“At every opportunity, residents of Arizona have expressed strong support for permanent protection for the greater Grand Canyon region – now it’s time for action,” said Katie Davis, public lands campaigner for the Center for Biological Diversity. “We stand with the public and tribal communities in calling on President Obama to permanently protect this precious landscape.”
“It is not surprising that Arizonans are strongly supportive of safeguarding public lands around Grand Canyon,” said Sandy Bahr, chapter director for the Sierra Club’s Grand Canyon Chapter. “Protecting the communities, wildlands and wildlife in and around Grand Canyon from uranium mining has long been a priority for people across the state and throughout the country. A national monument is an important next step to safeguard this valuable region.”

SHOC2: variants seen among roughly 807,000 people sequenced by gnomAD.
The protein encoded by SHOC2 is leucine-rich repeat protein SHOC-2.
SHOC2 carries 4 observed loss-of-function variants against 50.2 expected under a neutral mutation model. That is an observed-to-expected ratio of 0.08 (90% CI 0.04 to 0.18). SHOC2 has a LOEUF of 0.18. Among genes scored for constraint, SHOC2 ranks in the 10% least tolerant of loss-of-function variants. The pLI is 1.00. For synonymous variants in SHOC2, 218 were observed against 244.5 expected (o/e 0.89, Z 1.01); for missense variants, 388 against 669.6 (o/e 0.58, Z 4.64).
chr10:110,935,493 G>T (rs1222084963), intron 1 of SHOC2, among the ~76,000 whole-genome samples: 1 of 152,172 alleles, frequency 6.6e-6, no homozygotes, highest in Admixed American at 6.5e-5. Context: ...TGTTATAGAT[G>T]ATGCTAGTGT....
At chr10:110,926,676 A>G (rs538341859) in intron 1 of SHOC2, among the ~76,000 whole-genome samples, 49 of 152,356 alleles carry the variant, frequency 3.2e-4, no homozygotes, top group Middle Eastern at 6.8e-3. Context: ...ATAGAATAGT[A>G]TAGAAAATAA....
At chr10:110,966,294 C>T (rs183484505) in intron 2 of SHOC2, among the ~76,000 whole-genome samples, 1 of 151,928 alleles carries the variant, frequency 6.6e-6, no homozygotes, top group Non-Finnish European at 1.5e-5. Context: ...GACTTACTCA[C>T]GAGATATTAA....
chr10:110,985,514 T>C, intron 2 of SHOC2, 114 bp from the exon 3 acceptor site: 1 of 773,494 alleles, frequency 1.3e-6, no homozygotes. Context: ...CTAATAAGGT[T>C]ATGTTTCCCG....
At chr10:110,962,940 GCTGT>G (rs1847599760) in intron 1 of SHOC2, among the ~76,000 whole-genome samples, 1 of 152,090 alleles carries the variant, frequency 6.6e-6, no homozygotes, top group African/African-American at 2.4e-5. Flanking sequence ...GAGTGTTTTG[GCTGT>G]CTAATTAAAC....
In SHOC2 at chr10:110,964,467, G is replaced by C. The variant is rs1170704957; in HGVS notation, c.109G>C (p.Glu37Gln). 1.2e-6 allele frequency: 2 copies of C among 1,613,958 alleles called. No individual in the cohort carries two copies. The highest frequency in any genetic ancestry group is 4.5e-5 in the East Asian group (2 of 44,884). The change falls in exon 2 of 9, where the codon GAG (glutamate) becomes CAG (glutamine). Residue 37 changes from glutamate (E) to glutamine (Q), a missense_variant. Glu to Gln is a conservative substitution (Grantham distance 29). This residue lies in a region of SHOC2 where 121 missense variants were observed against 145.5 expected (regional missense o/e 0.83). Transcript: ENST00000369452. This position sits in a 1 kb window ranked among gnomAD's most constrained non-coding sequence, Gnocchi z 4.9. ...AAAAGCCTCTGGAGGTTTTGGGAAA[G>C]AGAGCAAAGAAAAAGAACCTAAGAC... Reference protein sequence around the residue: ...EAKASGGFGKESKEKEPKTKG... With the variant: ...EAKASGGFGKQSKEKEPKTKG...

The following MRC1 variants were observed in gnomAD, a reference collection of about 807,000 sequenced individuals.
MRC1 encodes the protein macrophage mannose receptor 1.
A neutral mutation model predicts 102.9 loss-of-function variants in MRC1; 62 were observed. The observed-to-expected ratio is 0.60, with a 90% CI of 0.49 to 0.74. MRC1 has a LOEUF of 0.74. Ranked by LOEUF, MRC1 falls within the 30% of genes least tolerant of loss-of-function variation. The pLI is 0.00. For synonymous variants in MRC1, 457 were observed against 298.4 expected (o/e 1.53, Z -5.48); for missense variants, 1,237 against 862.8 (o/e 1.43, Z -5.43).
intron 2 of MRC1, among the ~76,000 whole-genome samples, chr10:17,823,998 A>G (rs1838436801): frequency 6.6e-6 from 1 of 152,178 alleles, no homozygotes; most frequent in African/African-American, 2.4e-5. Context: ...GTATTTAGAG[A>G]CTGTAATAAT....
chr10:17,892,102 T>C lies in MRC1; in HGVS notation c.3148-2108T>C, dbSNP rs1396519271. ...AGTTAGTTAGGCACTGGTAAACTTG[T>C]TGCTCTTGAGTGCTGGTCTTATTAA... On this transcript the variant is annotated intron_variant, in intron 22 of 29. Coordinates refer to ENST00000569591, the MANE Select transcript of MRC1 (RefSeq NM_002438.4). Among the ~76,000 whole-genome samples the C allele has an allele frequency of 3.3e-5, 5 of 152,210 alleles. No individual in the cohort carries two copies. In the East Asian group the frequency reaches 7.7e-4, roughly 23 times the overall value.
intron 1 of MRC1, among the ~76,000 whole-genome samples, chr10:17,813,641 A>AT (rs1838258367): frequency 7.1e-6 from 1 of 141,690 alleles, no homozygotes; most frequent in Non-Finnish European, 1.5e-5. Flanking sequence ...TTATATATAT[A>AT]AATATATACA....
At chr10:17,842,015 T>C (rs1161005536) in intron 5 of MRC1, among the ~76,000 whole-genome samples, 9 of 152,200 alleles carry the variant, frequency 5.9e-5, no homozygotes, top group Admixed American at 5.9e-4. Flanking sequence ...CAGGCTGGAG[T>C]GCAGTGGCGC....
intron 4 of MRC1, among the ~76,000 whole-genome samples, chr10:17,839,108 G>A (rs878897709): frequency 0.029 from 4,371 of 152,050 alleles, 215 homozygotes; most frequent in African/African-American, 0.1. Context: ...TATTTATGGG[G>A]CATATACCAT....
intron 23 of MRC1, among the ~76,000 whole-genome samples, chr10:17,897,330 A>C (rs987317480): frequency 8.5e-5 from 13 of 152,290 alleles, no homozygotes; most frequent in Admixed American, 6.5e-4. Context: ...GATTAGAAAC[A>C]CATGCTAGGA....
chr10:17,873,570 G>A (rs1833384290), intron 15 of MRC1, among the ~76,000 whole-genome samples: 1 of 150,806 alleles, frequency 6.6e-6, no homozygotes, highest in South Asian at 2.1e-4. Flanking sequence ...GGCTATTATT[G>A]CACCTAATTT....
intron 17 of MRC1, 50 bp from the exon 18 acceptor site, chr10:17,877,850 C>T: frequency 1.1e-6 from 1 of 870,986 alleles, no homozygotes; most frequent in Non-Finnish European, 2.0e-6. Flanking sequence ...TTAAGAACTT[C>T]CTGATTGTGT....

Learn more about the proposed Greater Grand Canyon Heritage National Monument at www.greatergrandcanyon.org.
TAKE ACTION HERE TO PROTECT LANDS AROUND GRAND CANYON AS A NEW NATIONAL MONUMENT.
The recent spill of 3 million gallons of mine waste into the Animas and San Juan Rivers has been shocking – but it is a symptom of a larger problem, not a fresh new issue.
Tens of thousands of abandoned mines await cleanup in the upper Colorado River and Animas headwaters, and hundreds of abandoned uranium mines are scattered across the Navajo Nation, surrounding the San Juan, Little Colorado, and Colorado Rivers. The outdated Mining Act of 1872 does little to hold the companies accountable that created the waste and manage the mine holdings.